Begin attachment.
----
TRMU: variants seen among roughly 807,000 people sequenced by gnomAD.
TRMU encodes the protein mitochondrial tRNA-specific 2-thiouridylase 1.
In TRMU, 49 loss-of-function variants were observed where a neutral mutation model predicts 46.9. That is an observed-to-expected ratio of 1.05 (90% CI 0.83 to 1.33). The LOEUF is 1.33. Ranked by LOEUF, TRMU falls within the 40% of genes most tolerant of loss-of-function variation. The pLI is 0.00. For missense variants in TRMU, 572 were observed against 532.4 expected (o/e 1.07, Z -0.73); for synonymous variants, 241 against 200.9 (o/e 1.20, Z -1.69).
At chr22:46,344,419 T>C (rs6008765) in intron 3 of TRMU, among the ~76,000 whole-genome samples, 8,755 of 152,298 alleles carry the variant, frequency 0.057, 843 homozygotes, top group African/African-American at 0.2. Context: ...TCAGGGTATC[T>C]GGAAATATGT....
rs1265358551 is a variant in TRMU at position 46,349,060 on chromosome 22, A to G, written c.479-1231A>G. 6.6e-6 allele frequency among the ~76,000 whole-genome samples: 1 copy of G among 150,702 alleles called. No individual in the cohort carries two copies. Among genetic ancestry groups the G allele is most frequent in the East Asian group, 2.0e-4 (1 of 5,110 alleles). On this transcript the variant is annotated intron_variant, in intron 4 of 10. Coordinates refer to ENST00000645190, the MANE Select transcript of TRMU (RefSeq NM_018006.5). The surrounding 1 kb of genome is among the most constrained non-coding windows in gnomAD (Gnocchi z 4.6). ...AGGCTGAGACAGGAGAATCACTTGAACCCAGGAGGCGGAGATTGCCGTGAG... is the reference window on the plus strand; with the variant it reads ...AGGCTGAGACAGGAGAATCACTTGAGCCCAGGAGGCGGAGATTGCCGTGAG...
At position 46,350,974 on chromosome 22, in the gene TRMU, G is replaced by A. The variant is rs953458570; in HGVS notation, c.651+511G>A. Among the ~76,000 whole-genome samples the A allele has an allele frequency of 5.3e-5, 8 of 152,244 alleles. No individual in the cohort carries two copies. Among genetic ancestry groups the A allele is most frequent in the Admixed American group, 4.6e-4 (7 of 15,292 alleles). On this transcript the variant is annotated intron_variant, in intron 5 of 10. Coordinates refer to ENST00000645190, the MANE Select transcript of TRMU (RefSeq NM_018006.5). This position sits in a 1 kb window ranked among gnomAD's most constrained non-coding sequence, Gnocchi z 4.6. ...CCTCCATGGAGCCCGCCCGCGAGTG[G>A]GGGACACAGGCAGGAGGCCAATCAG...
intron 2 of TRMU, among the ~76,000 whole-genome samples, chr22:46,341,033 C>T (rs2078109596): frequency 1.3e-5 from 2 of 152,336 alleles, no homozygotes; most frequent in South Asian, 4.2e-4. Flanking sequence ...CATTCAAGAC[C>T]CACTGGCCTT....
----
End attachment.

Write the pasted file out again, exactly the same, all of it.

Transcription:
TRMU: variants seen among roughly 807,000 people sequenced by gnomAD.
TRMU encodes the protein mitochondrial tRNA-specific 2-thiouridylase 1.
In TRMU, 49 loss-of-function variants were observed where a neutral mutation model predicts 46.9. That is an observed-to-expected ratio of 1.05 (90% CI 0.83 to 1.33). The LOEUF is 1.33. Ranked by LOEUF, TRMU falls within the 40% of genes most tolerant of loss-of-function variation. The pLI is 0.00. For missense variants in TRMU, 572 were observed against 532.4 expected (o/e 1.07, Z -0.73); for synonymous variants, 241 against 200.9 (o/e 1.20, Z -1.69).
At chr22:46,344,419 T>C (rs6008765) in intron 3 of TRMU, among the ~76,000 whole-genome samples, 8,755 of 152,298 alleles carry the variant, frequency 0.057, 843 homozygotes, top group African/African-American at 0.2. Context: ...TCAGGGTATC[T>C]GGAAATATGT....
rs1265358551 is a variant in TRMU at position 46,349,060 on chromosome 22, A to G, written c.479-1231A>G. 6.6e-6 allele frequency among the ~76,000 whole-genome samples: 1 copy of G among 150,702 alleles called. No individual in the cohort carries two copies. Among genetic ancestry groups the G allele is most frequent in the East Asian group, 2.0e-4 (1 of 5,110 alleles). On this transcript the variant is annotated intron_variant, in intron 4 of 10. Coordinates refer to ENST00000645190, the MANE Select transcript of TRMU (RefSeq NM_018006.5). The surrounding 1 kb of genome is among the most constrained non-coding windows in gnomAD (Gnocchi z 4.6). ...AGGCTGAGACAGGAGAATCACTTGAACCCAGGAGGCGGAGATTGCCGTGAG... is the reference window on the plus strand; with the variant it reads ...AGGCTGAGACAGGAGAATCACTTGAGCCCAGGAGGCGGAGATTGCCGTGAG...
At position 46,350,974 on chromosome 22, in the gene TRMU, G is replaced by A. The variant is rs953458570; in HGVS notation, c.651+511G>A. Among the ~76,000 whole-genome samples the A allele has an allele frequency of 5.3e-5, 8 of 152,244 alleles. No individual in the cohort carries two copies. Among genetic ancestry groups the A allele is most frequent in the Admixed American group, 4.6e-4 (7 of 15,292 alleles). On this transcript the variant is annotated intron_variant, in intron 5 of 10. Coordinates refer to ENST00000645190, the MANE Select transcript of TRMU (RefSeq NM_018006.5). This position sits in a 1 kb window ranked among gnomAD's most constrained non-coding sequence, Gnocchi z 4.6. ...CCTCCATGGAGCCCGCCCGCGAGTG[G>A]GGGACACAGGCAGGAGGCCAATCAG...
intron 2 of TRMU, among the ~76,000 whole-genome samples, chr22:46,341,033 C>T (rs2078109596): frequency 1.3e-5 from 2 of 152,336 alleles, no homozygotes; most frequent in South Asian, 4.2e-4. Flanking sequence ...CATTCAAGAC[C>T]CACTGGCCTT....